It is time again to bring out The Chicken-Fried Pork Belly Salad, which I created in August 2007 in the midst of my fury at the chief icon of American restaurant food: The Chicken Caesar.  Today’s post was sparked by Sam Sifton’s NYTimes magazine column on the Caesar salad, which addresses the fact that few dishes are truly authentic, and he uses the Caesar salad as an example. For me putting a chicken breast on a perfectly good Caesar is an emblem of American mediocrity, a lack of imagination, and our fear of food (The Shame of the Chicken Caesar Salad). But Sifton, while he makes the unconscionable error of failing to include my Chicken Fried Pork Belly Casear in his list of famous variations, does us a service by telling us a freeing truth: Read On »

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How-to-make-pasta instructions almost always include putting flour on your counter or board, forming a well and cracking your eggs into the well.  I almost always wind up with egg white on my shoe when I do this.  It only dawned on me while working on the pasta dough ratio for Ratio that this well method was completely unnecessary and that I would never have to wipe egg white off my shoe again.  The dough is thoroughly mixed and kneaded till smooth so how you incorporate the eggs isn’t critical. I imagine the original reason for the well method was that it saved on cleaning a bowl, but I would rather clean a bowl than my shoe and floor.  The well method is romantic, encouraging a measure-by-eye attitude and evoking images of an Italian grandma in Read On »

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Regular readers know I’m a veal stock evangelist. Veal stock is one of those magical ingredients that can transform a mediocre cook into an ohmyfuckinggodthisfoodisamazing cook. Really, it’s that powerful. My first piece for Gourmet magazine was about veal stock. My veal stock recipe is in the Gourmet cookbook. In Elements of Cooking, a 242-page book about food and cooking, there is but a single recipe: veal stock. I once asked Jacques Pepin about veal stock and he said he didn’t much make it. Ingredients weren’t at his store in Connecticut.  I found this amazing, until I realized something important!  It was Jacques Pepin!  He doesn’t NEED veal stock.  He could probably make Miracle Whip taste good. But for the rest of us?  Slipping a little veal stock into our food has the same effect Read On »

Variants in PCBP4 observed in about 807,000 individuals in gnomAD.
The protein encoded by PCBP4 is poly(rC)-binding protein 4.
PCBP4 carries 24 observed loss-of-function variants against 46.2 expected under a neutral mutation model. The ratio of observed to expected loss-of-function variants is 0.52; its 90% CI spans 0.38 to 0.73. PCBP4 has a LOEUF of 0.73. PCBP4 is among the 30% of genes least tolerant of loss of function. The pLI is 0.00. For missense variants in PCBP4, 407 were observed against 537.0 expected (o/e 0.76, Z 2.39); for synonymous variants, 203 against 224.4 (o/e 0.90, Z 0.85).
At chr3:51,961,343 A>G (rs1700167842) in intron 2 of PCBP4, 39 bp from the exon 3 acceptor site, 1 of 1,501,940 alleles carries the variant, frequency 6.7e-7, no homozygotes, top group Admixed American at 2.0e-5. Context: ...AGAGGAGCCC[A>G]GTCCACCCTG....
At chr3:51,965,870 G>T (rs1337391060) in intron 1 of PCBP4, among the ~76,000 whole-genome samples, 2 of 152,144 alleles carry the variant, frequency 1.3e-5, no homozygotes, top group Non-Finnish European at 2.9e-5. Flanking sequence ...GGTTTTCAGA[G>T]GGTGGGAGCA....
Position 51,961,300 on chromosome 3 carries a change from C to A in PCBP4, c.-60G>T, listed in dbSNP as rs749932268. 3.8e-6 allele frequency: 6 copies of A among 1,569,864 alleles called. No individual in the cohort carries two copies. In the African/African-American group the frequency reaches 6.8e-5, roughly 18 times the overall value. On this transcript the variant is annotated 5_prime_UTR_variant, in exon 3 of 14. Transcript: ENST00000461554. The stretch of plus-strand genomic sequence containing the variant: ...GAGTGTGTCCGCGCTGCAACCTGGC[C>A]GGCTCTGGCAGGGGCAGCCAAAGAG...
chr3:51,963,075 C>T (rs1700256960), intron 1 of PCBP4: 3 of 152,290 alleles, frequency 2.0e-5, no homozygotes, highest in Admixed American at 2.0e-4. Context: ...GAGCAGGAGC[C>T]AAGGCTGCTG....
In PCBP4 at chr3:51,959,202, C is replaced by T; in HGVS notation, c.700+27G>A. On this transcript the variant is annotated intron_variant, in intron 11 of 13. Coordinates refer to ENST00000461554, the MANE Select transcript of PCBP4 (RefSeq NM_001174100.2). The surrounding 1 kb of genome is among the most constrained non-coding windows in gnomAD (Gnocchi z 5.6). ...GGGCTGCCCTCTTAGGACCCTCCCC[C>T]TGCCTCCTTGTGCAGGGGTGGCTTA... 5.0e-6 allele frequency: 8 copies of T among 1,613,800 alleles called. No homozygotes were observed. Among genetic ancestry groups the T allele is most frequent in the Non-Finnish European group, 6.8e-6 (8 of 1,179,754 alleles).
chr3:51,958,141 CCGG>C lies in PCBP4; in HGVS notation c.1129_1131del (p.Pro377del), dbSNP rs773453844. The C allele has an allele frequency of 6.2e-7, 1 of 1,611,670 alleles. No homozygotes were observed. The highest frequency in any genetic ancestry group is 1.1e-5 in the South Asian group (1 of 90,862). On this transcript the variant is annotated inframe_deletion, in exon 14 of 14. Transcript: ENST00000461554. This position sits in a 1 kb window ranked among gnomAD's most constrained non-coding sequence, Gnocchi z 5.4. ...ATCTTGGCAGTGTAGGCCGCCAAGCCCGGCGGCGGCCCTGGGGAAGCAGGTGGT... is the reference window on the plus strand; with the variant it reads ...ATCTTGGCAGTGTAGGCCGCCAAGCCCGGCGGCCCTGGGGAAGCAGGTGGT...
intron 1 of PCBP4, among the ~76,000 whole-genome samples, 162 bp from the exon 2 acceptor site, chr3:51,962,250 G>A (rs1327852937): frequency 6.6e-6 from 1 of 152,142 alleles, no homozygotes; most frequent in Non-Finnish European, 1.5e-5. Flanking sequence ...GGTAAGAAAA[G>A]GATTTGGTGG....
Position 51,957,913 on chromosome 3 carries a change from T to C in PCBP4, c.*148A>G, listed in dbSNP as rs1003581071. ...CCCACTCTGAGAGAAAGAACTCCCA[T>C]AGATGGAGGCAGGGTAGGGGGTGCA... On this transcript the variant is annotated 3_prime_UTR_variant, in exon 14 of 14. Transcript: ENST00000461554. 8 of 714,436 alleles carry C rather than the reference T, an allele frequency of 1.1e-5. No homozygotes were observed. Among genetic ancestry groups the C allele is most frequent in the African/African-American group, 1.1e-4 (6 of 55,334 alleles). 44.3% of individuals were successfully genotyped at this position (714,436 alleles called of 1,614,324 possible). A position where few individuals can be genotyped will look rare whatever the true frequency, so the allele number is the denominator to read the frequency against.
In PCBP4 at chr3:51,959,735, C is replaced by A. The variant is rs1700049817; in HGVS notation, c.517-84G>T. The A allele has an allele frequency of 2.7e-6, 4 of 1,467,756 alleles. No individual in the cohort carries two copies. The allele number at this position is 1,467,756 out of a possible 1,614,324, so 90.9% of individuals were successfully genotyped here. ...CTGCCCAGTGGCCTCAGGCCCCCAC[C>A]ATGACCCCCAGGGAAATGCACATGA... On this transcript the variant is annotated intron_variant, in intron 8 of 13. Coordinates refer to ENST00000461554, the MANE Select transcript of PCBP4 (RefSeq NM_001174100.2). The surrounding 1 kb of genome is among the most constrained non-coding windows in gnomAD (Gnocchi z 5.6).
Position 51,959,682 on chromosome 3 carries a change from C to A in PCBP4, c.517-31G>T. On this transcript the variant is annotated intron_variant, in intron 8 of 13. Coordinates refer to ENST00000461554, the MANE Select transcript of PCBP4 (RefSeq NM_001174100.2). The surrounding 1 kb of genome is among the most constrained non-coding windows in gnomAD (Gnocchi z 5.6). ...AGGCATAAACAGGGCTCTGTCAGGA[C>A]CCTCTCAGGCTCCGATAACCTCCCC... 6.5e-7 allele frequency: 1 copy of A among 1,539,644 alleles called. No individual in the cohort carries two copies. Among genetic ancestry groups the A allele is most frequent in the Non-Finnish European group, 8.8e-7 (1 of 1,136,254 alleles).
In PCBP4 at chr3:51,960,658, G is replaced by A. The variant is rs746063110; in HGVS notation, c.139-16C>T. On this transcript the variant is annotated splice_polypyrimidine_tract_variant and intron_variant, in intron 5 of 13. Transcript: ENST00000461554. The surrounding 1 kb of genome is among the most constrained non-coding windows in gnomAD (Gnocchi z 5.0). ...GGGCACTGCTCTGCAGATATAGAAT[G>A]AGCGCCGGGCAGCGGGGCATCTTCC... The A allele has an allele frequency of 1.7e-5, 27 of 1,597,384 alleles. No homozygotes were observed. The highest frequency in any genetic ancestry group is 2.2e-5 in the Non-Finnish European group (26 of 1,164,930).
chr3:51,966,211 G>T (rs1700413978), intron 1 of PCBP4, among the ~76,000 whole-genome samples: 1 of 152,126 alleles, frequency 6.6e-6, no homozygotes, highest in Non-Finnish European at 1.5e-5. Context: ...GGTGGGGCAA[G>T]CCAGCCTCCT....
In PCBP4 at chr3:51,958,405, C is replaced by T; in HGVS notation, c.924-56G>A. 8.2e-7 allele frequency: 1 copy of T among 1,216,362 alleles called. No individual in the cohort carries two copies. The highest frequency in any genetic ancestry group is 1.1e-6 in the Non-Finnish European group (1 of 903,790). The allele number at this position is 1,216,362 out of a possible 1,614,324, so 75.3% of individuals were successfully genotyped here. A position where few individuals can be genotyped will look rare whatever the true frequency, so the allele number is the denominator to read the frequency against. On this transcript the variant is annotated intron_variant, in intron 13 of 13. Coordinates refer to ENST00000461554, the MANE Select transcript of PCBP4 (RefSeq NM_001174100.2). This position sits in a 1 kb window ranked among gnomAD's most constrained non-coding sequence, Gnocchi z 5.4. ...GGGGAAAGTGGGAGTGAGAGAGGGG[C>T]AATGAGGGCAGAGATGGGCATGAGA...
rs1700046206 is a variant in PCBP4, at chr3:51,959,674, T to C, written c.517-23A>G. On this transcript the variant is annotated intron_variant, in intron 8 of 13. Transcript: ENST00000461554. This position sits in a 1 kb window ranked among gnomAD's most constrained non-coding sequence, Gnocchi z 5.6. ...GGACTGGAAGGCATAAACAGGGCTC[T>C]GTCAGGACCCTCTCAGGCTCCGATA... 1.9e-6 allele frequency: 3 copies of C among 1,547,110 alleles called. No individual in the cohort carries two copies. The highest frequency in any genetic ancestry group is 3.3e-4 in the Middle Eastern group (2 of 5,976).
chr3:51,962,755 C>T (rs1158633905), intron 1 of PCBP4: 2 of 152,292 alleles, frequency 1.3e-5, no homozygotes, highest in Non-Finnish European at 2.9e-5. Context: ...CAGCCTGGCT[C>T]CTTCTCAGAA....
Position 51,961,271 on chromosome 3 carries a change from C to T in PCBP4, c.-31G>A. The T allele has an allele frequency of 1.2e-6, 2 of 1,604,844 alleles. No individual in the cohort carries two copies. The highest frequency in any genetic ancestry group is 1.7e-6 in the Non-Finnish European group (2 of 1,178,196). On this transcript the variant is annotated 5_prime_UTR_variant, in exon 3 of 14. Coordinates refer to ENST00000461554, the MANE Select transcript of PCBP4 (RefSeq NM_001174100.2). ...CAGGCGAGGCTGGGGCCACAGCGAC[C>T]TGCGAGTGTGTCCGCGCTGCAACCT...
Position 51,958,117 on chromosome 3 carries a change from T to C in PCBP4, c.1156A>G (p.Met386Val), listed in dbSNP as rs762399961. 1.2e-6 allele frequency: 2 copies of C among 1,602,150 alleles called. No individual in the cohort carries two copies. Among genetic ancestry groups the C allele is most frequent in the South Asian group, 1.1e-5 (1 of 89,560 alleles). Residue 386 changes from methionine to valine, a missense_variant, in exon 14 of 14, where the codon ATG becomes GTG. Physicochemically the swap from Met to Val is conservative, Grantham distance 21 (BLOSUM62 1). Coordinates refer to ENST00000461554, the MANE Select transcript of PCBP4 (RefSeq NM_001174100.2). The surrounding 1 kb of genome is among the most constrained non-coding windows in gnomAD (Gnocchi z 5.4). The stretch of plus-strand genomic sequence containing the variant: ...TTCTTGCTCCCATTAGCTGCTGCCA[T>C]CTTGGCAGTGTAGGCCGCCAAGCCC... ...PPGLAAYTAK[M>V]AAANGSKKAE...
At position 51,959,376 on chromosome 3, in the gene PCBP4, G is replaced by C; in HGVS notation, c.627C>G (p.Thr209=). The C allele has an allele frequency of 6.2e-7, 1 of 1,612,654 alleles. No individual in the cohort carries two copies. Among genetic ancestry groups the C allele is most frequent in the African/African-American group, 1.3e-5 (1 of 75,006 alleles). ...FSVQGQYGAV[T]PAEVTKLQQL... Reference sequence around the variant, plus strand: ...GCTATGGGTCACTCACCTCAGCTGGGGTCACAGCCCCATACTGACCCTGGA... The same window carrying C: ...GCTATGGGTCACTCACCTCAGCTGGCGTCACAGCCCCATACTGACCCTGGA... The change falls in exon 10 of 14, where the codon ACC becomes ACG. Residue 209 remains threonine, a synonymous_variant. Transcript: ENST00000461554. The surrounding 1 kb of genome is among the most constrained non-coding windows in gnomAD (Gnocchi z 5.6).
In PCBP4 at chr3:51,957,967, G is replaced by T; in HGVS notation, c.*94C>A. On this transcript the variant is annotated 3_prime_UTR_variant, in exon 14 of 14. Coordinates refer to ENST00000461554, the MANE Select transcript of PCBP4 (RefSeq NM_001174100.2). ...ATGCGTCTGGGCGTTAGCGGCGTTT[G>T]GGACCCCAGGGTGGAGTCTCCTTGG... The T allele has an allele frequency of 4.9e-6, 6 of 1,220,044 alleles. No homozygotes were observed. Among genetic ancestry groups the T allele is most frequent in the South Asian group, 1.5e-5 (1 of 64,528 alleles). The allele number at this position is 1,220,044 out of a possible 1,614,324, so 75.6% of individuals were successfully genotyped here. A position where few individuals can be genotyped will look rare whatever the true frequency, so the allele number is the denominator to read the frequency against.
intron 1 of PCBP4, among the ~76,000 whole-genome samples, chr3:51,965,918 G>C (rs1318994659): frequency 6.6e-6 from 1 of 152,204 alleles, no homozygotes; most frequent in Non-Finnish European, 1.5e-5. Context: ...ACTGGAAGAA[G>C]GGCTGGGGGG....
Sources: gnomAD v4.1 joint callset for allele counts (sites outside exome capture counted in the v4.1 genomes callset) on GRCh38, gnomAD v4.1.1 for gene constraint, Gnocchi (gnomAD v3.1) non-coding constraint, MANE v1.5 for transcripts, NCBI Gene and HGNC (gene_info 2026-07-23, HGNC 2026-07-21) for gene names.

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Biscotti is the perfect accompaniment mid-morning when I’m into my fifth or sixth cup of coffee.  I drink coffee all morning long and I’m able to do so because I don’t use one of those horrible drip machines, but rather what I think of as my personal 1956 Lincoln Continental of a coffee machine. The problem has always been that I’ve never really liked biscotti.  Maybe because I’ve only ever had the stuff that comes in a gift basket from Gallucci’s (a store I adore).  Or the one time I tried to make it myself.  It was rock hard and tasteless, so I figured I’d done a perfect job. But a while back, someone asked for a biscotti recipe, perhaps even a ratio.  My able colleague Emilia Juocys was intrigued and so recently set to Read On »

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A multigrain bread recipe will open the new year for a reason.  Will Turnage (aka @wubbahed), Donna and I finished and submitted to Apple last week a bread baking app for iPad.  It’s time finally to act on a fascinating email I got from a baker in North Carolina about bagel making.  And Shuna privately but with her own inimitable force and clarity begged to differ on my take on English Muffins.  And just yesterday a reader emailed, pleading for a good all-purpose gluten-free bread recipe. So it’s now officially bread baking month here, when the cold and early darkness are subdued by a hot heart and hands-on kitchen work.  (And yes, kneading should be a part of the process—it’s part of the goodness of bread, mediation through kneading. It’s also fun.)  The holidays are Read On »

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